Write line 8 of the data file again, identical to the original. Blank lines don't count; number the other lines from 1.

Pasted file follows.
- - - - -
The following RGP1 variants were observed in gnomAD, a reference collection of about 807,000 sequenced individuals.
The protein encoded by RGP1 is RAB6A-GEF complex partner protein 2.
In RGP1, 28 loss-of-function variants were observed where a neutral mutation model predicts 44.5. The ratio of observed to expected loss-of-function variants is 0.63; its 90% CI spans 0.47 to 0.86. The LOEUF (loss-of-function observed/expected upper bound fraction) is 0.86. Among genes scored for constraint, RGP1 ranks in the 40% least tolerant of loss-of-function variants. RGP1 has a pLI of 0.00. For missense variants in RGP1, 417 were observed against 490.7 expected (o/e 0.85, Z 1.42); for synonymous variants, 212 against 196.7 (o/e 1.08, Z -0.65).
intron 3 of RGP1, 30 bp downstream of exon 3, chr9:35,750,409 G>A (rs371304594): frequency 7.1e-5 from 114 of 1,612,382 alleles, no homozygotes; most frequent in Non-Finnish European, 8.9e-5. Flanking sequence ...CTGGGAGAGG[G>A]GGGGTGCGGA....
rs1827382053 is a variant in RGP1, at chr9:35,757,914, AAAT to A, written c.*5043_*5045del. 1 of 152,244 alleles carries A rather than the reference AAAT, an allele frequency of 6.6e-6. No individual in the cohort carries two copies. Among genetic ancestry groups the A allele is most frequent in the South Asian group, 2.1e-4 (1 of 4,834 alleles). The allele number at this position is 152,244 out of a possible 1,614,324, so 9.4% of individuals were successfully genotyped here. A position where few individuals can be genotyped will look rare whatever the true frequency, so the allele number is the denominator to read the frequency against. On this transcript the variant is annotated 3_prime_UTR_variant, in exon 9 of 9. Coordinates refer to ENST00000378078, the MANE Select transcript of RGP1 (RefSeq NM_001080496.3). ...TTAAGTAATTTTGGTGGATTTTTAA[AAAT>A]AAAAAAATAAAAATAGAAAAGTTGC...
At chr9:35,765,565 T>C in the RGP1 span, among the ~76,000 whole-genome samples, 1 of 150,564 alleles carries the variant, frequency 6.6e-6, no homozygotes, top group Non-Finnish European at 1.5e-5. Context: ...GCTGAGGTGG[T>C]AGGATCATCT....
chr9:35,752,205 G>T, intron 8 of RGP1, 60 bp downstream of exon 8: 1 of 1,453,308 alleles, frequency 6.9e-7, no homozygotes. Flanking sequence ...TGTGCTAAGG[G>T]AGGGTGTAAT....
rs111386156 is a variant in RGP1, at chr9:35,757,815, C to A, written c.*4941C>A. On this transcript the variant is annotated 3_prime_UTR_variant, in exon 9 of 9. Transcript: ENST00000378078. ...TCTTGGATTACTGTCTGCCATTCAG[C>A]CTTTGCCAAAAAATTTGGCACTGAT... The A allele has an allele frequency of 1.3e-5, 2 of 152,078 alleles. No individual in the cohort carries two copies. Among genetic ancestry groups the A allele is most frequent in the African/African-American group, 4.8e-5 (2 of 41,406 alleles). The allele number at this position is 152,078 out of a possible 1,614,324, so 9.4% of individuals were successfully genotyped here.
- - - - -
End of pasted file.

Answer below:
rs111386156 is a variant in RGP1, at chr9:35,757,815, C to A, written c.*4941C>A. On this transcript the variant is annotated 3_prime_UTR_variant, in exon 9 of 9. Transcript: ENST00000378078. ...TCTTGGATTACTGTCTGCCATTCAG[C>A]CTTTGCCAAAAAATTTGGCACTGAT... The A allele has an allele frequency of 1.3e-5, 2 of 152,078 alleles. No individual in the cohort carries two copies. Among genetic ancestry groups the A allele is most frequent in the African/African-American group, 4.8e-5 (2 of 41,406 alleles). The allele number at this position is 152,078 out of a possible 1,614,324, so 9.4% of individuals were successfully genotyped here.